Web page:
As a family of five traveling for a year through southern Africa we are blessed to see some of the most incredible sights possible. The beauty is beyond words – a huge walking grey giant, gently caring for its small calf with a tenderness that belies the power of the elephant – a waterfall that plunges into the ocean that is unknown to the modern world – a majestic hole in a huge mountain dropped in the middle of the sea. These and many other sights are the weave of wonder that forms the beauty of South Africa. Yet our journey is not just about relishing this beauty, it’s also about meeting the locals who live in these “wish you were here” spots, who are truly making a difference, and who in many ways are the true beauty of this land.
Too often as tourists we arrive, grab the glossy brochure, book on the organized event, enjoy the 10am scones and rest by the pool waiting for dinner. I will be the first to admit – I love the glossy brochure, as it gives us great ideas of what to do - I enjoy organized events, especially a seafood braai – and as for the 10am scones, we are not missing that!
Arriving at Hole in the Wall hotel after a long and bouncy ride along the 18km rutted dirt road – which is actually a paved freeway compared to the potholed road prior to it – we dive fully into tourist mode. The 10am teatime treat is a real winner; we even have to race back from an early morning hike to be there in time for this. The seafood braai is fantastic – there is nothing quite like eating mussels, prawns and fresh fish while watching the waves roll in across a tranquil sea.
The main reason, however, for being at Hole in the Wall is the stunning backdrop of the Hole in the Wall beach. Huge waves surge proudly towards a towering mountain that seems to have grown out of the sea, only to be dispatched with little regard for their foaming fury. A small section of the wave explodes through the hole and reforms into a perfect wave that rises and travels on towards the river that enters the sea at this picturesque point. The girls are surfing, as this is the spot made famous by the movie Blue Crush 2, and reenacting those surf scenes is a must on every young surfer girl’s agenda.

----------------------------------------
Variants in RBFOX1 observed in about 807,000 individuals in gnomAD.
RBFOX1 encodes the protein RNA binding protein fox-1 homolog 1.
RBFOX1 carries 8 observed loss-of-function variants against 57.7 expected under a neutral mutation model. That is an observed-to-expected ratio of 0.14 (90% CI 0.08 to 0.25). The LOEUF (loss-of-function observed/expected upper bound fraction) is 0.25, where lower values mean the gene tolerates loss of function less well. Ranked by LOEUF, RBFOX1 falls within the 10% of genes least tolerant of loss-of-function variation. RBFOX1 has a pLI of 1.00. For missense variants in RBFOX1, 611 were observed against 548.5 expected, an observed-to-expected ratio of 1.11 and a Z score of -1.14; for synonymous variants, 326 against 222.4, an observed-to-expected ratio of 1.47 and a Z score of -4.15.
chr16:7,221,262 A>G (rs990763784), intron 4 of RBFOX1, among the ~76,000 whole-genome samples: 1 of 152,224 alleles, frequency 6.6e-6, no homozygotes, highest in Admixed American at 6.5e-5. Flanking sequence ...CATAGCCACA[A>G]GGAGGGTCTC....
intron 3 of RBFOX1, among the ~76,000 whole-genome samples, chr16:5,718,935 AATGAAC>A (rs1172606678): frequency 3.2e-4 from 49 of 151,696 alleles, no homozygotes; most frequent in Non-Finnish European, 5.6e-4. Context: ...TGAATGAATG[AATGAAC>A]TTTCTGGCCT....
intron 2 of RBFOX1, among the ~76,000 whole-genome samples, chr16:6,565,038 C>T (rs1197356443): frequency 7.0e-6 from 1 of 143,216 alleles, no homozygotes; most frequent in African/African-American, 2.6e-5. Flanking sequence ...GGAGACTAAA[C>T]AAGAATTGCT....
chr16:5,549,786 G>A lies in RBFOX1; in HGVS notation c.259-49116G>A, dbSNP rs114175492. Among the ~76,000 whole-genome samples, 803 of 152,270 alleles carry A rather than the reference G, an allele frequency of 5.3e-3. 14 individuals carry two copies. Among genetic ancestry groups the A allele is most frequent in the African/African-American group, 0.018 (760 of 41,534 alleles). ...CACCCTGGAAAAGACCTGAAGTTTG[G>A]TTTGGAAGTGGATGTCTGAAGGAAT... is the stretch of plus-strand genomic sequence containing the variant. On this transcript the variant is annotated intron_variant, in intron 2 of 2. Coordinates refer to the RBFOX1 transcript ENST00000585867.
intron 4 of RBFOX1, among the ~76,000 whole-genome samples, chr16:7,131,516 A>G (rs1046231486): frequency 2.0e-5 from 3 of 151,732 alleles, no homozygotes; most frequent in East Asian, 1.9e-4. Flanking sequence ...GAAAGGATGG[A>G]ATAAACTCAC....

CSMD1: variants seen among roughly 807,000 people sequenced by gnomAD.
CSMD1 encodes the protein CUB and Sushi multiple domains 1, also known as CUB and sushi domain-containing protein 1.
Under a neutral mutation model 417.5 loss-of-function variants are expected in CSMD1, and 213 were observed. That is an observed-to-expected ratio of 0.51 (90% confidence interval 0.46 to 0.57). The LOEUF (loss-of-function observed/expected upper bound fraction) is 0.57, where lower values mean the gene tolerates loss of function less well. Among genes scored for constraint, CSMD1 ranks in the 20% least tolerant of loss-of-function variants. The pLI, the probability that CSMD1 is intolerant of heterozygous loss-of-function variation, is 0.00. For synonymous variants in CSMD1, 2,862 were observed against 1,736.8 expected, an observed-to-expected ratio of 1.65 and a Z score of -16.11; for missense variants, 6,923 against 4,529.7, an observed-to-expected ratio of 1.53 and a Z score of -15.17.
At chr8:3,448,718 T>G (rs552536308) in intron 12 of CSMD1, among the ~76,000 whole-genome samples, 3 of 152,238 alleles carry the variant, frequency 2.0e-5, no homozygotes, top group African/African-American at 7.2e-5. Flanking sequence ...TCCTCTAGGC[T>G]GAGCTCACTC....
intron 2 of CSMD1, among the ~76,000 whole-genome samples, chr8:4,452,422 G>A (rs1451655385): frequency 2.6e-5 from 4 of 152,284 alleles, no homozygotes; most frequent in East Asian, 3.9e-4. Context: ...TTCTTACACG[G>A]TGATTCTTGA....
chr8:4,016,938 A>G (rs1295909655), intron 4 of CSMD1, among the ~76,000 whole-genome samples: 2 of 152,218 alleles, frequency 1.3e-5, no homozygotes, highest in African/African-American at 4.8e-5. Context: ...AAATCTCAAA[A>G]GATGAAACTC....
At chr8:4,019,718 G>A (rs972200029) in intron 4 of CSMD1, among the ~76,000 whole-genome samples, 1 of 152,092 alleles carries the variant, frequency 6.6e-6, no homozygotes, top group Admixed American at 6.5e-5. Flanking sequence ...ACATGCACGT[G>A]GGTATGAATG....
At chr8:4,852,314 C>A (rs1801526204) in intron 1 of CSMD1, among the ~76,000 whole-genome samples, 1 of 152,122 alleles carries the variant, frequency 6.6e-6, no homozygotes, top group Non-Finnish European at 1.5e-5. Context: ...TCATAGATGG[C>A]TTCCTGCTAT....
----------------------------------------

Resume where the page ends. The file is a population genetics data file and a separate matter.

For me, I’m relishing one of the best braai spots in the world. Nothing beats braaing with this spectacular backdrop, a beer in hand, and the smell of wors mixing with the salty sea spray rising tantalizingly into the air. Days can easily be spent lazing on the beach, surfing, braaing, walking the stunning hills, or even negotiating the not-for-CLKs road to Coffee Bay. This is the ideal spot to just get away from it all.
“I love it here,” Mervin, one of the hotel guests says to us, as we meet him while loading our plate with fresh scones. "I have been here for nearly a week and I have not driven once in my car," he explains. That’s what Hole in the Wall is all about – arrive and enjoy until you leave. However if this is only what we do we are missing out on some of the most amazing wonders of the area. I am not referring to the Hole in the Wall, or the mini Hole in the Wall, or any of the other incredible view sights or hikes. I’m referring to a woman who is one of the most amazing natural wonders of the area – Marlene.
“Hi Marlene, I am not sure how we can help but I would love to bring our family to come and see you and your work,” reads the Facebook message I send Marlene. And so it is on Friday morning…just after morning tea (of course)…we jump into our Pajero and bounce the 1 kilometer route to Marlene’s home. We are greeted at the small white home, overlooking the aqua blue sea below, with an enthusiastic rendition of “who the hell are you” by her eager family of dogs.